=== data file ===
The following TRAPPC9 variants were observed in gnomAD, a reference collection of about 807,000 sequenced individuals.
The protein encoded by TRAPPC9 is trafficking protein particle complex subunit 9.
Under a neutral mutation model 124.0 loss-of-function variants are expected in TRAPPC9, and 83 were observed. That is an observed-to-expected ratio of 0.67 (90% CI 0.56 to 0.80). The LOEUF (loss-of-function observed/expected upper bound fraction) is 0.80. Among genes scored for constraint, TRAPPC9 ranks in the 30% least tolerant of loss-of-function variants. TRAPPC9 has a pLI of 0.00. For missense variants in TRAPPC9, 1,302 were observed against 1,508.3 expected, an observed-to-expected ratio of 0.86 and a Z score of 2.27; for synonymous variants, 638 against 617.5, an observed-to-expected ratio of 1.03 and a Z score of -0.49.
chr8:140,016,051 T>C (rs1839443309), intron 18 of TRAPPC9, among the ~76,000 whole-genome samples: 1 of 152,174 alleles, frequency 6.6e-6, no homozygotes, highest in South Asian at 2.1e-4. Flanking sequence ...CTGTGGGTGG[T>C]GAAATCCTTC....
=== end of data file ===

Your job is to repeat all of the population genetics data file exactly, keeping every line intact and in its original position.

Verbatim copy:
The following TRAPPC9 variants were observed in gnomAD, a reference collection of about 807,000 sequenced individuals.
The protein encoded by TRAPPC9 is trafficking protein particle complex subunit 9.
Under a neutral mutation model 124.0 loss-of-function variants are expected in TRAPPC9, and 83 were observed. That is an observed-to-expected ratio of 0.67 (90% CI 0.56 to 0.80). The LOEUF (loss-of-function observed/expected upper bound fraction) is 0.80. Among genes scored for constraint, TRAPPC9 ranks in the 30% least tolerant of loss-of-function variants. TRAPPC9 has a pLI of 0.00. For missense variants in TRAPPC9, 1,302 were observed against 1,508.3 expected, an observed-to-expected ratio of 0.86 and a Z score of 2.27; for synonymous variants, 638 against 617.5, an observed-to-expected ratio of 1.03 and a Z score of -0.49.
chr8:140,016,051 T>C (rs1839443309), intron 18 of TRAPPC9, among the ~76,000 whole-genome samples: 1 of 152,174 alleles, frequency 6.6e-6, no homozygotes, highest in South Asian at 2.1e-4. Flanking sequence ...CTGTGGGTGG[T>C]GAAATCCTTC....